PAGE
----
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The Preface

to

the

Reader.

Of

his

Appeals

to God

for

the

Sincerity of

his

Defigns

and

Heart,

from fome

who

have heard him make them

as

they

have

credibly told me

:

Of

his

Encouragement

of, ferious Godlinefs,

and

of

the great Difcouragement which Irreligion and

Pro

-

phanenels and Debauchery

ever

met

with

from him.

Thefe Things

were good

and

great.

But from

what

Principles they came, and by

what right from God and

Man they

were

his

Re&oral Province, and to what ultimate End

he

really did di-

re& them

;

there

Things require

deeper

Thoughts than

mine, in order to

a

fober

Judgment

on them. It

is

more than

I

can

do to vindicate his

Right to

Govern,

and to

behead our

King, and

to keep out another

but

I

am alway glad

of

any thing which

may allay

the Guilt of Men

:

though

I

had

rather

find

no

Guilt

(nor

any

appearance or

fulpicion

of

it) that

(hall

need

Charity

or

Induftry

to ex-

tenúate or

allay it.

God

giant

there Kingdoms greater

Careand Wifdomfor time

to come

:

and

calk

us

to

fit

peaceably, orderly, obediently,fùbmiffively and thank-

fully

under

the

gracious

Government

of King

William

our

prefent rightfifl

and

law-

ful Soveraign, in

great Mercy to there Kingdoms

,

whom may

the

molt

high

God

long preferve, condu

&,

and greatly profper.

(

6.

)

As

to the

Relatives and

under

Agents

of

Oliver

Cromwell,

1

offer there

things:

s.

The

Author

would

not

charge

themwith

what they never did.

a.

Their

Difadvantages

through the Exi-

gencies; Influences, and

Temptations

of

their Day ought to

be well

confidered

left otherwife

Men

be

intemperate and

exceflìve

in their

cenforious Refle &ions ois

them..

Things now

appear

(

perhaps)

in

a

far

clearer Light

than heretofore:

;.

lnftant

Necelfities may

admit

of

greater Pleas

:

and

Men

at

a

greater

diftance

may not

fo fitly judge

of

prefent

Duty or Expediency. And

4.

there

is

undoubtedly

fuck

a

thing

as

interpretative

Faithfulnefs and Sincerity,

which

fo

far cheers Mens

'hearts, and

fpirits refolution

and'appeals to God

,

although the Principles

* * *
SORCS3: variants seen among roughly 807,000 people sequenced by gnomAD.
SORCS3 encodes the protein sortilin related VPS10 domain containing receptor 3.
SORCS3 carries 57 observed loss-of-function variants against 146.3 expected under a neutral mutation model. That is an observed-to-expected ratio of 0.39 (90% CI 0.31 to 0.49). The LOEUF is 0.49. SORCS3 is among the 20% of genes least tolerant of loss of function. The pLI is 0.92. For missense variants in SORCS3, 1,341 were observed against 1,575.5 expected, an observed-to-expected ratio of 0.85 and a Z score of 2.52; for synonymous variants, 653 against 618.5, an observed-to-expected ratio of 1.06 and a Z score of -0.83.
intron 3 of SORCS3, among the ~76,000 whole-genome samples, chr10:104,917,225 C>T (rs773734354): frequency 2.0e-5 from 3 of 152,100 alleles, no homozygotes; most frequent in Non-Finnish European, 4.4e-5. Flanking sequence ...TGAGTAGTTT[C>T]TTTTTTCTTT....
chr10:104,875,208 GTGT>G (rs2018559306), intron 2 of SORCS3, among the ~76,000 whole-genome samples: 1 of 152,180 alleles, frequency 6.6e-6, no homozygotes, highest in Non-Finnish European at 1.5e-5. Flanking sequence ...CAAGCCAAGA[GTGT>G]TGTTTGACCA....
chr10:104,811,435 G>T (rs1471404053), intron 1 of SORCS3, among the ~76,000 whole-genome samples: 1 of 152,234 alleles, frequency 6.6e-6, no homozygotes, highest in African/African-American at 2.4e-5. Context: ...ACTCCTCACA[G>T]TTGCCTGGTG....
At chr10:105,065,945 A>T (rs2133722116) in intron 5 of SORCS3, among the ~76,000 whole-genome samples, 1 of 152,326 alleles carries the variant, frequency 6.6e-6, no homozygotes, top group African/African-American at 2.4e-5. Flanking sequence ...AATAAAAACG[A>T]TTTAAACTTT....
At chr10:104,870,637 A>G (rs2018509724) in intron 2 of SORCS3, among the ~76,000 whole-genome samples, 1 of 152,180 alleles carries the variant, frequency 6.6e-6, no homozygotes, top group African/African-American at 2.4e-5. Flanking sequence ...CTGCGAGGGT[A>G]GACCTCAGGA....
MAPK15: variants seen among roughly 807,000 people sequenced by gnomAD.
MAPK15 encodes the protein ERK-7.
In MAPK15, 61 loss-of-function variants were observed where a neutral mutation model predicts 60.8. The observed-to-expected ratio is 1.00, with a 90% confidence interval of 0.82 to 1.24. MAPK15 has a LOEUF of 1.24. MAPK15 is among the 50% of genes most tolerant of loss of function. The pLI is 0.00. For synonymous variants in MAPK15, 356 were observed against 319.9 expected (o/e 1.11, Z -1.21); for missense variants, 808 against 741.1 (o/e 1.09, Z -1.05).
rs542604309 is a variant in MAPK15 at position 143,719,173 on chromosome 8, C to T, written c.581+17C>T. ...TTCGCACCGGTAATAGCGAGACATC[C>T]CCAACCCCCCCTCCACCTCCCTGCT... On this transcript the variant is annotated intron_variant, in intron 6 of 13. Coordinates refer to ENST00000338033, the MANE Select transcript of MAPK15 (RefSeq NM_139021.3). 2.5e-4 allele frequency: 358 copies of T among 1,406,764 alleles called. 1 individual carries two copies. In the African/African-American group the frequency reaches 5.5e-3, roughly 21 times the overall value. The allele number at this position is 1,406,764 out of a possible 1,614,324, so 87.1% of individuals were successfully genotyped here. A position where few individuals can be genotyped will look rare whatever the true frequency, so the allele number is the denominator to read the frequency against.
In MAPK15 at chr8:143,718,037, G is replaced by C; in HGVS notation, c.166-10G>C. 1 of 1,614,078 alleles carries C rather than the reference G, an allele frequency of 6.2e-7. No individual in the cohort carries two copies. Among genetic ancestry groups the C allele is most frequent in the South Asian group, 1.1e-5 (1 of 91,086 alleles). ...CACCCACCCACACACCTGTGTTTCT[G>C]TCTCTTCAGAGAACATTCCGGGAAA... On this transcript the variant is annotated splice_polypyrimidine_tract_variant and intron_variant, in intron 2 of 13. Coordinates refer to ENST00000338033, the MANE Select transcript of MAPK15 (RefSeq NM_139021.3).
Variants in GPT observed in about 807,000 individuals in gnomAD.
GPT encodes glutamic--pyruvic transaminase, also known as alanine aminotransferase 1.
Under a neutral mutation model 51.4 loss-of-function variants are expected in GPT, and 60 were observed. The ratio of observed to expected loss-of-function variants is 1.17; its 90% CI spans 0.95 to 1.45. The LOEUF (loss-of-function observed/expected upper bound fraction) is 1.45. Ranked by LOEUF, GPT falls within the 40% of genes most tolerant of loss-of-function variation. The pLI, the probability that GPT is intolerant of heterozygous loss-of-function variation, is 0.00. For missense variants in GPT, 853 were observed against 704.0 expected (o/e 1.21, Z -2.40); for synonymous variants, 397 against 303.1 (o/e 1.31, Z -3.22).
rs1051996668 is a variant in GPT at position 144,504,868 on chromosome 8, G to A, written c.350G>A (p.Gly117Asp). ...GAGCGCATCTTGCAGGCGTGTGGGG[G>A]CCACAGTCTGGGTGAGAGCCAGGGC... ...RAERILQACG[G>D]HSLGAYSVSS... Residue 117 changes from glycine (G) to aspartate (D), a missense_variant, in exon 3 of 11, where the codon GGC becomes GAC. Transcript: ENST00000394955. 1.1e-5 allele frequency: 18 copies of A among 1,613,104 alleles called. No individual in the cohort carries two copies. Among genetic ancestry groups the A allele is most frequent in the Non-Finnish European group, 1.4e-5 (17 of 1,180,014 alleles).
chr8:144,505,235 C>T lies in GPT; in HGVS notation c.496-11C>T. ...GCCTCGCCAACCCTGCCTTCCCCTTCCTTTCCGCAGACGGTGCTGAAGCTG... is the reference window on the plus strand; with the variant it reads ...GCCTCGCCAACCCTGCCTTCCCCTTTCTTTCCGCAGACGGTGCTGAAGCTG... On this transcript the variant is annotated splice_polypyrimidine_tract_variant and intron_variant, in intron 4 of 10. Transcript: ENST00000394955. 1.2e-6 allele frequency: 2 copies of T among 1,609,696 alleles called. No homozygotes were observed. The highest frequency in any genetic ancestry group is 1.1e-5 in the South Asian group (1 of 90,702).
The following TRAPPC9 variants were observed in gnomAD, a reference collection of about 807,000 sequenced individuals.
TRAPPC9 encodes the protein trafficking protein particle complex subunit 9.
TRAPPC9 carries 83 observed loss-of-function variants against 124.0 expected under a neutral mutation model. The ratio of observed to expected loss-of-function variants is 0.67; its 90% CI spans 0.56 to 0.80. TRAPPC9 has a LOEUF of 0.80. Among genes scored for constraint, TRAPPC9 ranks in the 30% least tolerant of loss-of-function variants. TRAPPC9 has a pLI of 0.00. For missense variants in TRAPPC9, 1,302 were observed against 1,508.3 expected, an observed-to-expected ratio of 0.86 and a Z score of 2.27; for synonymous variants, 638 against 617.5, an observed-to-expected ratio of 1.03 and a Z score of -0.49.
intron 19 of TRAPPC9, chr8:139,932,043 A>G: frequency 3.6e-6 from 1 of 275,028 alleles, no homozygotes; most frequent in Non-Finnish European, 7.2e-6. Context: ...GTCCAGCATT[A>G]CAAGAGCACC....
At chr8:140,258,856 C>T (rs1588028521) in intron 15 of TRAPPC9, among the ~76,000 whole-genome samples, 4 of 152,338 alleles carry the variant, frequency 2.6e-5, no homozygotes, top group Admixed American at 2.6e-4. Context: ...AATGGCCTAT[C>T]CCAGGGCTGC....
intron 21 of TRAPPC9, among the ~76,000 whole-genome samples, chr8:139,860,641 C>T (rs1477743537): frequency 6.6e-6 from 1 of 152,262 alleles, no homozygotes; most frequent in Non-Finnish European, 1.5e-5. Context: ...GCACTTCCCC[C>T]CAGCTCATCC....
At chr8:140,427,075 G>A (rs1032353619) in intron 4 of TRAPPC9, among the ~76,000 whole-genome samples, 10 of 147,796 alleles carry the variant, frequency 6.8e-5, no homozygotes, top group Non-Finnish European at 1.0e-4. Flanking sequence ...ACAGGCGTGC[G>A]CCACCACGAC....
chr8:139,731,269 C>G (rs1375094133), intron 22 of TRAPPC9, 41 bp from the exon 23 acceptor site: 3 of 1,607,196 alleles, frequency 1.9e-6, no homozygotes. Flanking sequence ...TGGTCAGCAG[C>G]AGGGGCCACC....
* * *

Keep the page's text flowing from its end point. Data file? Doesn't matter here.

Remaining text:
which

bear Men up herein may

be, and frequently are erroneous, and

but

meer Milìakes.

5.

We know not

all

that Men can

fay,

when

calmly

heard and fairly dealt

with,

for their own cenfirréd A&ions, by

way

of

Apology or Defence.

6.

We

mufcon-

fider

our own

(elvesas

in

this

World

and Body ; and

as

liable to equivalent

( if

not

the fame) Dangers and Temptations.

The

fence and

provident reach

of

that

Di-

vine

Advice, Gal.

6.

n. is

vaflly great,

and greatly ulèful and

would

prevent

rigid

Conitm

&ions

if

well attended to.

7.

Oliver Cromwef's

Progeny

(thofe that are

yet

alive

)

are chargeable

no further

with

his

Crimes than

they

are approved

by

them

:

and

this

I

never heard

them

charged

with

since

6e.

I know

them not

:

but

nave

been told that they are ferious, peaceable

, ulèful

,

commendable Perlons,

and make

a

lovely

Figure

in

their

refpeelive,

though more private

Stations.

8.

As

to Dr.

Owen,

r.

It

is

too

well

known

(to

need

my

proof)

how great

his

Worth

and Learning

was.

How

loft and peaceable

his

Spirit, for

many

of

his

laft

years,

if

credible

Fame

bely

him not. And

perrar''a

in

maim

mendax

fama. He

was

indeed

both

a burning

and

a finning

Light.

2. As

to the

Wallingford

-Houfe Affair, and

the

Doetor's

Hand

therein;

our Reverend Author

confidered

him and others

as to.

what

he

thought culpable,

and

orpernicidus Confequence

and fcandalous'

Report

and Influence,

as

to both the

prefent

and

fucceeding

Ages.

He

had

no Perlima!

Prejudice

againR

him or

others. But

as

bosh

Church

and State were

diforderly

endangered and

affe&ed by

what

was

there

confùlted and done

;

lb Mr.Baxrer

did

fo

much relent the

thing,

as

to think

it

fit

to

be

recorded

,

and accented

with

fit

aggravations;

as

a

Remonfrance

to the

Crime,

and

as a

Warning to theChriftiata

World.

And

he

is

not the only

Perfon who Lath believed, noticed and

blamed

that Matter.

But

that

the

Doctor

is

is

bra

great Matter's jots ,

is

what our Author

Lath reported,

his

very

firm

perfwafion of, in print.

9. As

to our Brethren

the

fide/mile/ants, 'tis

true

that

no mean Ferment

appears

to have been upon the

Author's

Spirit. But

(r.)

is

he sharper upon

them

,

then on the

Presbyterian,, AnabapriFts,

Prelates,

where

bethought

or found them culpable

?

(2. )

What Party did our

Author

wholly

fide

with?

(3

)

What

bofom Friend did

he

ever

fpare

wherein he

found him

reprehenfible

?

(4.)

He

was fo

intent upon Orthodox Do&rines, Ca-

tholiek

Union, Chrifian

Concord and

Behaviour, and Peaceable Ufefulnefs

and

Converfàtion

amoggf

all

Proteft

ants,

and upon avoiding

Divifions amongft

Chrift's

Followers,

as

that

whatever

obffruaed

there

Concerns,

he was

impatient of

,

and

warm

againR.

Truth,

Peace, and

Love,was he a Votary ro, and

Martyr

for

:

and

hereunto did he devote molt

of

his Life

and Labours,

Dicam

good

res

eil. It

is

fèandalous

that there

fhould be Divifions, Dillances,

Animofties

and

Contentions,

amongft Chriftians, Protellants, Diffenters, againR each

other,

and in

the

Bowels

of

each Party. But much

hereof

arifes from

unhappy Tempers,

Self

ignorance,

Confidence

and Inobfervance,

want of

frequent, patient, and calm Conterenceanci

im-